Only a quarter of corporate PCs running Windows XP have upgraded to SP2 (Service Pack 2), according to a survey out this week. The study by asset management outfit AssetMetrix - published days before the deadline for holding back on SP2 installation expires on 12 April - paints a picture of a lack of preparation for a major change in corporate computing infrastructures.
AssetMetrix surveyed more than 136,000 PCs across 251 North American corporations and found only 24 per cent of Windows XP PCs had been upgraded to SP2. When Microsoft launched its heavily-touted security upgrade in August 2004 it offered firms the opportunity to "hold off" the automatic installation of SP2 while still receiving security patches for eight months. That suspension expires on 12 April, when Microsoft's Automatic Update service will deliver SP2 to firms.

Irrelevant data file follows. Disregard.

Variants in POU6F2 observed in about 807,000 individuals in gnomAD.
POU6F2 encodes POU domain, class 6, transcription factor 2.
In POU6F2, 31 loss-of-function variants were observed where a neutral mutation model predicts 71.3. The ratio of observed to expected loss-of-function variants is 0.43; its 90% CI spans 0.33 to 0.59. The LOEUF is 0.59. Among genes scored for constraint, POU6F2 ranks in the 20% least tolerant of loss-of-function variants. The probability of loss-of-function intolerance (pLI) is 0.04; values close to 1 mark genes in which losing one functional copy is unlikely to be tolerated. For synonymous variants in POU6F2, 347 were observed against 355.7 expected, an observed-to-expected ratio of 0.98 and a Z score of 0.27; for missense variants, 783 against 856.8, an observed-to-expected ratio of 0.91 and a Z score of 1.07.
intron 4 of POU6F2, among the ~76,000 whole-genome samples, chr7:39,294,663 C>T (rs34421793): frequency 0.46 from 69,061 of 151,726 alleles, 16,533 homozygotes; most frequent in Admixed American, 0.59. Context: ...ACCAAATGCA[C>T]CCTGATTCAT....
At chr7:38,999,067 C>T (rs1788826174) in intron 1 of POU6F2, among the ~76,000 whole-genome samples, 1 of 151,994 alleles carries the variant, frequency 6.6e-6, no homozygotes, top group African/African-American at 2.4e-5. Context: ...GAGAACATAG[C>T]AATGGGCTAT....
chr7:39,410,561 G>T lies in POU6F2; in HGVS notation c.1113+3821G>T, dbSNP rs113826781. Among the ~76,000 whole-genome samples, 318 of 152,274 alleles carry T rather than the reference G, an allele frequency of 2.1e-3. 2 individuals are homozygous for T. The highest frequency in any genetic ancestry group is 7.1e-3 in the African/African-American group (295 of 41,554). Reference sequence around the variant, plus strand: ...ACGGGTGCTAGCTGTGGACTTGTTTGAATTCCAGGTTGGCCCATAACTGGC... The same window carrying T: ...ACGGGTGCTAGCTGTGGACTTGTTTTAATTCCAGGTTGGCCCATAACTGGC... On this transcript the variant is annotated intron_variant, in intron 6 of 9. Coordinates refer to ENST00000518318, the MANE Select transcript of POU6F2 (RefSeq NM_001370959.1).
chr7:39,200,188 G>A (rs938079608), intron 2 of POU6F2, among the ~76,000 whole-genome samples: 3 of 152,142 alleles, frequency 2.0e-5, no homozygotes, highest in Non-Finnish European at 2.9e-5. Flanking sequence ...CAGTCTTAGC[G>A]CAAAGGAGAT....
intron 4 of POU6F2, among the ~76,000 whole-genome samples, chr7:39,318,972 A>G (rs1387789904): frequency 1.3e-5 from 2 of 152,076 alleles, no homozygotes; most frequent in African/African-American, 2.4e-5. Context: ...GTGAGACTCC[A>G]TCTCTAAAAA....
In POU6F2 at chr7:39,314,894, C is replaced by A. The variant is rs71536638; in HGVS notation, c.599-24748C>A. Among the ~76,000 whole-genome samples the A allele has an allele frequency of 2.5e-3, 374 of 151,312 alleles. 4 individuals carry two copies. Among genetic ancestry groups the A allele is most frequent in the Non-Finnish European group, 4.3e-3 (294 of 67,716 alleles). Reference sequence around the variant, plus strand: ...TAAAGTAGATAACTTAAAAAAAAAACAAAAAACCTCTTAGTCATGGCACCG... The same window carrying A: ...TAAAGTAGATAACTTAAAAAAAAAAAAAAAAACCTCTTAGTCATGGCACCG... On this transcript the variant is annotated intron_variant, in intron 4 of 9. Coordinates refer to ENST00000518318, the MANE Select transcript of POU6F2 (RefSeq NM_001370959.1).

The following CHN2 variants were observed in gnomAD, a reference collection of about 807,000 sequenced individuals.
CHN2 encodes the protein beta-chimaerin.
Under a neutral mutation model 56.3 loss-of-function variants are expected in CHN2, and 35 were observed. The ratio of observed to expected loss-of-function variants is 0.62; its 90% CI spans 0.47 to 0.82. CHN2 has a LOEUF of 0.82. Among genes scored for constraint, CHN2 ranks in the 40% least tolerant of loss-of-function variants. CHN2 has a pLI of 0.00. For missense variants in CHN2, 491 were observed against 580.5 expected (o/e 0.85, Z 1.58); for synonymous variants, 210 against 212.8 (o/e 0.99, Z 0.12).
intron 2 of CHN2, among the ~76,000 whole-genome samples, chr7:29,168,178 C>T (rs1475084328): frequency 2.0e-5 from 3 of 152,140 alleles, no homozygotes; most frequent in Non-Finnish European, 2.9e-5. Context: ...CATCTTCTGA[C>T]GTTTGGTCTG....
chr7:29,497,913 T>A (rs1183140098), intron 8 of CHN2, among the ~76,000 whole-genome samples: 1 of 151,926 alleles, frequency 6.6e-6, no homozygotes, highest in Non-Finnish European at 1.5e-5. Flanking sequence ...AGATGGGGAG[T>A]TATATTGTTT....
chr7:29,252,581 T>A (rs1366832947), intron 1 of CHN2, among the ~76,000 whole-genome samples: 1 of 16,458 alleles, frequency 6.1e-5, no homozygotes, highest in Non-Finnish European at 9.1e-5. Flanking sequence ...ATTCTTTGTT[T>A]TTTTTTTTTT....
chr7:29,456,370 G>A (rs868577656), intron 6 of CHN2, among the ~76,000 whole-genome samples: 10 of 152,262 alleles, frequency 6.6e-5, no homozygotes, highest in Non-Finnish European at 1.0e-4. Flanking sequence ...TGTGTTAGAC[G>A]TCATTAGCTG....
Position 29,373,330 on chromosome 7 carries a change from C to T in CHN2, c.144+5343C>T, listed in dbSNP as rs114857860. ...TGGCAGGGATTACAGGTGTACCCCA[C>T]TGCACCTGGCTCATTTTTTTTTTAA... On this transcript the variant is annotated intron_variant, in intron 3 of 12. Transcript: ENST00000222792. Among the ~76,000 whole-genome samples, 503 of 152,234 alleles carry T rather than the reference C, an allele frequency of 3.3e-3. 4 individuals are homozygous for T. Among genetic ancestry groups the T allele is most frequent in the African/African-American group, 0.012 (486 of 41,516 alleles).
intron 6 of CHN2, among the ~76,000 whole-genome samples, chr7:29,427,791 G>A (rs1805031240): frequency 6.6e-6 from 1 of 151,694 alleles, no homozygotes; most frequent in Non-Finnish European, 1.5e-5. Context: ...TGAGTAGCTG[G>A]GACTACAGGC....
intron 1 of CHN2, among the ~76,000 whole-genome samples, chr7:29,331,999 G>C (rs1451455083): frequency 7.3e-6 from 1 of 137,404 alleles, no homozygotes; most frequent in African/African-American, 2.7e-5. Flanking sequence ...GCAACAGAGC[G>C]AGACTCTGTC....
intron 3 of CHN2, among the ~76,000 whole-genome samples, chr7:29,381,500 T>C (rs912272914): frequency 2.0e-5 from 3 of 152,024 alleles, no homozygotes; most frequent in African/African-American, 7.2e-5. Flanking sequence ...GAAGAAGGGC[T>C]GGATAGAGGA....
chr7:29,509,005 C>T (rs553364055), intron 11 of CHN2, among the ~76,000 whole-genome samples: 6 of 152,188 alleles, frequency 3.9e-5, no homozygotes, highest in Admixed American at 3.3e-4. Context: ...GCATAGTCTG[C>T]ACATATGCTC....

"Microsoft allowed a significant period of time to accommodate companies' demand to test and validate Windows XP SP2 within their IT infrastructure," said Steve O'Halloran, managing director of AssetMetrix Research Labs. "Based on our research, a substantial number of companies have yet to decide whether to accept or embargo Windows XP SP2. To date, we have observed that 40 per cent of companies using Windows XP have actively avoided upgrading to SP2, and only 7 per cent have actively accepted it. The other 52 per cent of the companies showed no direction or policy towards SP2, and may find themselves having support issues by allowing multiple editions of Windows XP to exist in their infrastructure."
Users still reluctant to deploy XP SP2 after then will have to stop using automatic updates after 12 April but that creates a number of possible issues, including possible incompatibilities with future products such as Internet Explorer 7, or a potential support gap when Microsoft support for Windows XP Service Pack 1 is withdrawn in September 2006. ®